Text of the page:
In October 1975 an incurable disease, aplastic anemia, was diagnosed. Though well aware of the prognosis, Monod continued to serve as director of the Pasteur Institute.
Awards and Honor
Jacques Monod was awarded the ‘Nobel Prize in Physiology or Medicine’ in 1965 together with François Jacob and Andre Lwoff.
In addition to the Nobel Prize, Jacques Monod received numerous scientific honors, including the Prix Montyon de Physiologie (Académie des Sciences, 1955), the Louis Rapkine Medal (1958), the Prix Charles Léopold Mayer (Académie des Sciences, 1962). He was also named Chevalier of the Ordre des Palmes Académiques (1961) and an officer of the Legion of Honor (1963).
Jacques Monod was an honorary foreign member of the Deutsche Akademie der Naturforscher Leopoldina (1965) and foreign member of the Czechoslovakian Academy of Sciences (1965), the Royal Society (1968), the National Academy of Sciences of the United States (1968), the American Philosophical Society (1969), the American Society for Microbiology (1970), the Institute of Medicine and Medical Research of New Delhi (1970) and the Accademia dei XL (1975).
Jacques Monod was awarded honorary doctorates by the University of Chicago (1965), Rockefeller University (1970), Oxford University (1973), and the Free University of Brussels (1975).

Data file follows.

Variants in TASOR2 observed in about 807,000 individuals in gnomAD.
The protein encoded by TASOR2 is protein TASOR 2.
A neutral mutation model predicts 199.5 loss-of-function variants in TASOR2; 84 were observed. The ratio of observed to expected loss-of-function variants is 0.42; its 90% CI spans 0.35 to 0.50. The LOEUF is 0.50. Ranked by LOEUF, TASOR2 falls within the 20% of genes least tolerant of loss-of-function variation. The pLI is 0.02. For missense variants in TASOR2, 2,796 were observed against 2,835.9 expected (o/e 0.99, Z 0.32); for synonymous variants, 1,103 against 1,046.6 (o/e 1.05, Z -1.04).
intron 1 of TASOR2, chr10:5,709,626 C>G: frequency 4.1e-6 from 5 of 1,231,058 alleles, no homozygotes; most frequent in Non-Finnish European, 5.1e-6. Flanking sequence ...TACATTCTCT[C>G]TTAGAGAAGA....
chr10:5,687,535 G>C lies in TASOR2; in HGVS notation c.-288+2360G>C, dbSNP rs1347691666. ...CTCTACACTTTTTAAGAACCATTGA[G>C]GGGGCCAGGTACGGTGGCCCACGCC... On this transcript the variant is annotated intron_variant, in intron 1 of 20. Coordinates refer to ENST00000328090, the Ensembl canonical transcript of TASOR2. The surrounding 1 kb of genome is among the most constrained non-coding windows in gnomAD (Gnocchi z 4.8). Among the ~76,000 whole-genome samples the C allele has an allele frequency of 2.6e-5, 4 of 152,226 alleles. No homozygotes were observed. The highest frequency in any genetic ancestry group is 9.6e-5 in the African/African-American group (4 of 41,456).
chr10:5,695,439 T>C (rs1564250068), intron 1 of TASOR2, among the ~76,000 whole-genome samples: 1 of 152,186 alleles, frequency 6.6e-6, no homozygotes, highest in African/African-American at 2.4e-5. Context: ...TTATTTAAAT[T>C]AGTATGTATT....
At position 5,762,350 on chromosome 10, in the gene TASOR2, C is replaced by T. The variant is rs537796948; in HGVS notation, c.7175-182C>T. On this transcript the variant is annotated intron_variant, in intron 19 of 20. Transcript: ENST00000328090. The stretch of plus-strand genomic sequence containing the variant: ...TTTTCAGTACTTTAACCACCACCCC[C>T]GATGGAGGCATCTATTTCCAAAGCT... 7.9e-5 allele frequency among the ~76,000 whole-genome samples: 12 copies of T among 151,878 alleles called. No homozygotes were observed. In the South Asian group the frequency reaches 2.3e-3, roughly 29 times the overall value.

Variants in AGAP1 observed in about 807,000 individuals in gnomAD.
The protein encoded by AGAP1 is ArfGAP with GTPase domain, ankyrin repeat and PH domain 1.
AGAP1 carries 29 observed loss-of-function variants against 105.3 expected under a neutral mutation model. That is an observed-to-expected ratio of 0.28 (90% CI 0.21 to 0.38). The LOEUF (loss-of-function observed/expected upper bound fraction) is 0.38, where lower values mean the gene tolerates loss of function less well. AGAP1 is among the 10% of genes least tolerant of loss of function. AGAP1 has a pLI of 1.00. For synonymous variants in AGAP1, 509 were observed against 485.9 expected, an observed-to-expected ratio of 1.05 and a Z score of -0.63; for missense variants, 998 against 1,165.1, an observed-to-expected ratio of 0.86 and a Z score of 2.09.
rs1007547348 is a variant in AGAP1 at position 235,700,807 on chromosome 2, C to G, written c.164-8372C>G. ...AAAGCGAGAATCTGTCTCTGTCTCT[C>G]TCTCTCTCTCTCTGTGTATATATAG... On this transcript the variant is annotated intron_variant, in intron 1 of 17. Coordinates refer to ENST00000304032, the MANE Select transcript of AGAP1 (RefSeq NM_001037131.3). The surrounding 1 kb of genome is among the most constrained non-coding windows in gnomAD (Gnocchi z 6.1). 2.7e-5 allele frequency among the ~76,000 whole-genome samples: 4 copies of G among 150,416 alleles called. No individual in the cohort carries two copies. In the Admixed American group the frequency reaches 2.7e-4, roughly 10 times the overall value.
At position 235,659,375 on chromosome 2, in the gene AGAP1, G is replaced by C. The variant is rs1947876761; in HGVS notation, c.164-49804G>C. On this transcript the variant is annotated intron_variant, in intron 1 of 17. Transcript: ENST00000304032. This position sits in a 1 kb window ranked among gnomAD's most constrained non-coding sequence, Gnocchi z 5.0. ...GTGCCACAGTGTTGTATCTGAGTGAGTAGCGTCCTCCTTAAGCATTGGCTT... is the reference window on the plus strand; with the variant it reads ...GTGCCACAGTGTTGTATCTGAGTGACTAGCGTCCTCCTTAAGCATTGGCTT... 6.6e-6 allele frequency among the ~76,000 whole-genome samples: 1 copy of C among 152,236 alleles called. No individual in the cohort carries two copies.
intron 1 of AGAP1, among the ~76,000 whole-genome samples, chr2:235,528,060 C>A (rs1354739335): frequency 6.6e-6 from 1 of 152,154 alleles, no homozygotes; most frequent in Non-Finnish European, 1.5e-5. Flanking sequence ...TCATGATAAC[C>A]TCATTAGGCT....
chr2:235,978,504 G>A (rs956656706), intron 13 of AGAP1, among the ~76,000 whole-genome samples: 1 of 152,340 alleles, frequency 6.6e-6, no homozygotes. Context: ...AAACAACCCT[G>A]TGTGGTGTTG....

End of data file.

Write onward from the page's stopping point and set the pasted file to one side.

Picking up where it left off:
Death and Legacy
Jacques Monod died of leukemia on May 31, 1976, and was buried in the Cimetière du Grand Jas in Cannes on the French Riviera. His last words were “Je cherche a comprendre” i.e., “I am trying to understand”.
Jacques Monod had always been an ardent defender of human rights, never shirking commitment when it was necessary. In the early 1950’s he publicly protested the repression of intellectuals in America and any restriction of the free circulation of people and ideas. In 1960, after a difficult campaign that included a trip to Budapest, he succeeded in getting Agnés Ullmann and her husband out of Hungary. He came out against the French Secret Army Organization, met in 1966 with the Reverend Martin Luther King, Jr., in Paris, and condemned the treatment of Jews in the Soviet Union, as well as assaults on freedom in various other countries. Monod supported the activities of the French family planning movement, fighting for the legalization of abortion, and signed in 1974 a plea in favor of beneficent euthanasia. The value and dignity of the individual was his fundamental ethical guideline.